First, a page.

british voters to decide whether or not they should exit the eu by 2017. cameron argued for continued membership but in a more streamlined european union with fewer restrictive regulations. >> from our parade of papers, "the omaha world herald," the governor of nebraska has given the okay for the keystone pipeline to run through his state effectively leaving the decision now of whether or not to green-light the 1700-mile project to the obama administration. the president has pushed back a decision on the project until after march, but the pipeline's future remains in doubt as president obama rejected a plan a year ago, you'll recall, saying the legislation didn't give enough time for the government to give it a thorough review. >> and you know, michael steele, we were talking this morning about how the republicans move forward in a more thoughtful, strategic way. still being tough. >> yeah. >> you can be tough. you can be conservative. you can still be smart. >> be smart. that's right. >> we haven't been smart. a guy who has been smart, chris christie. new quinnipiac poll numbers out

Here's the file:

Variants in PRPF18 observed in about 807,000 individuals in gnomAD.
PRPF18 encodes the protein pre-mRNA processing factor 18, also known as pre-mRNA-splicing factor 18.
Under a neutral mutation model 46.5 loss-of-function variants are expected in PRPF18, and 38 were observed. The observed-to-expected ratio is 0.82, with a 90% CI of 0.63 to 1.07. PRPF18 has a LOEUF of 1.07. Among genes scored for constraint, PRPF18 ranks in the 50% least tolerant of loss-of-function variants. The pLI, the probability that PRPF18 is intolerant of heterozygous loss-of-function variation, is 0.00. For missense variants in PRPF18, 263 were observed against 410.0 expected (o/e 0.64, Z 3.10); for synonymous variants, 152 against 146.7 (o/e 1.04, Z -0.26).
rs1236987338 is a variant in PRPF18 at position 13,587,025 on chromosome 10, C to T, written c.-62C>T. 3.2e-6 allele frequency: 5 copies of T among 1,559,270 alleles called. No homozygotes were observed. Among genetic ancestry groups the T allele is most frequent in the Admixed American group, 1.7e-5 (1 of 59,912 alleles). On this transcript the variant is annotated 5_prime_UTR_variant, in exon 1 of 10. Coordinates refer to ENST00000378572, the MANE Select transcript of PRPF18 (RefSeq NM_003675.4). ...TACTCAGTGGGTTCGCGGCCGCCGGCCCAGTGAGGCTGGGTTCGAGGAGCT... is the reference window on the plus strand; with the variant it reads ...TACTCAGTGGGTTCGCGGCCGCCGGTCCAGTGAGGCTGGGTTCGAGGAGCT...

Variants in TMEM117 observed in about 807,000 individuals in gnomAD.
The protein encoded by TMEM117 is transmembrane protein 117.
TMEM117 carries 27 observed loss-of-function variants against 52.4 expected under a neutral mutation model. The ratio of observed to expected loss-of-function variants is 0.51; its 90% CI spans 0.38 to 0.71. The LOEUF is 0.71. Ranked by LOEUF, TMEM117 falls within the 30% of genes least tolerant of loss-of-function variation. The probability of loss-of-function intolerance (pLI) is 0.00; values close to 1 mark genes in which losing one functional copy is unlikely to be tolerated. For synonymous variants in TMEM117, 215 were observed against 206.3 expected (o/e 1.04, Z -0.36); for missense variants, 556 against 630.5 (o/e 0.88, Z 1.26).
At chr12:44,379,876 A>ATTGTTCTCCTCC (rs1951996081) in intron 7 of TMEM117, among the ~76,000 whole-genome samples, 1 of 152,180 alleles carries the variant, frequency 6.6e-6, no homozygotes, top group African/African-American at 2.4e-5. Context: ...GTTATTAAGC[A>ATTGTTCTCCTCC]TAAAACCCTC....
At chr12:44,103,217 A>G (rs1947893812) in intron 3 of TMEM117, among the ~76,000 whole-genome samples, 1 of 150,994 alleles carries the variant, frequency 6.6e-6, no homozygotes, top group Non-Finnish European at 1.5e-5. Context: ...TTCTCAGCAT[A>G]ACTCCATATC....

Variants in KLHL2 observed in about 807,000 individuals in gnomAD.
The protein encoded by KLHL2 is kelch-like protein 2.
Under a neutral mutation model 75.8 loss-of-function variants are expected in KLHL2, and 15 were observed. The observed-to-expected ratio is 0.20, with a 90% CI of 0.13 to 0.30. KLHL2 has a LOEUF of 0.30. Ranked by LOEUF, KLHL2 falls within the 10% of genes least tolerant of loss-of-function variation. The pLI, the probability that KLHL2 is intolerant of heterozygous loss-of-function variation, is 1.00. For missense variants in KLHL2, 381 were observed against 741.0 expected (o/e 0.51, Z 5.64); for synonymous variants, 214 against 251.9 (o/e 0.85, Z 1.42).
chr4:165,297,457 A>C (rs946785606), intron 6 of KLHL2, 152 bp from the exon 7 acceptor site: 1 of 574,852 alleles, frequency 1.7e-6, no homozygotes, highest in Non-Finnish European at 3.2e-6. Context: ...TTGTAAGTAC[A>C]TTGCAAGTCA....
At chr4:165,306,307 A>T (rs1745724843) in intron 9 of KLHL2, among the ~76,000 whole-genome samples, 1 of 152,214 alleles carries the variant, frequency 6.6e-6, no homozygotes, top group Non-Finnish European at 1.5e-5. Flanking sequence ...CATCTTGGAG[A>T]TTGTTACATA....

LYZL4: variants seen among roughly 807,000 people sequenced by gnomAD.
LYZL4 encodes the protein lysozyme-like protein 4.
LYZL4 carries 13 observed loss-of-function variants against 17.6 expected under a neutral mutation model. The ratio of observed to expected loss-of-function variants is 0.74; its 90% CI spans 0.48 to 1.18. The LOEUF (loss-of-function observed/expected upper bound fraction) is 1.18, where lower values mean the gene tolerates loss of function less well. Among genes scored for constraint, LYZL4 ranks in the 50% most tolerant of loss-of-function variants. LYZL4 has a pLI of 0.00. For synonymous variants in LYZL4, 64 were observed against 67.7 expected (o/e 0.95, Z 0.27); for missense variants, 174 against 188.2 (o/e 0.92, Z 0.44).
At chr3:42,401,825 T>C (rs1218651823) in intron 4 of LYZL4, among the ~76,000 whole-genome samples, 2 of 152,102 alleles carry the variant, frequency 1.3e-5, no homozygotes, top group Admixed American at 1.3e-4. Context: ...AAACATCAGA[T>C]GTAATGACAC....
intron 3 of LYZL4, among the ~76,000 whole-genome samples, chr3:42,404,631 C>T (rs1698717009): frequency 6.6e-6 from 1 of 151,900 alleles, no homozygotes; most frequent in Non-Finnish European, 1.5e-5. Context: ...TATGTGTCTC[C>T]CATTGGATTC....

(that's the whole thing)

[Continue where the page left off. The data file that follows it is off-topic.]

. you made a great point here, it is highly contagious, it's more contagious than the tphrao*eu. another thing it has in common with the flu is it changes rapidly it mutates. this year's strain is not the same as last year's strain. when you have a new strain you get twice as many cases. this is a very problematic thing. it's going to spread all over the country. i want the people out there to distinguish the symptoms. if you're feeling the vomiting, nausea, the diarrhea this is the n o noro virus. bill: you say it starts in utah. >> it's having huge out breaks in nursing homes and churches in utah. my guess is that somebody flew over from england or wales to utah bringing it there. plane flights spreads this incredibly rapidly. bill: if that is the case you have to wash your hands, man, that is your defense number one is it not? >> right, the flu is the respiratory virus. this one you get by touching sur tpaes, eac surfaces, touching food, you need to stay away from people when you're actually sick with this. bill: keep the fingertips out of your eyes. you see people doing that, that is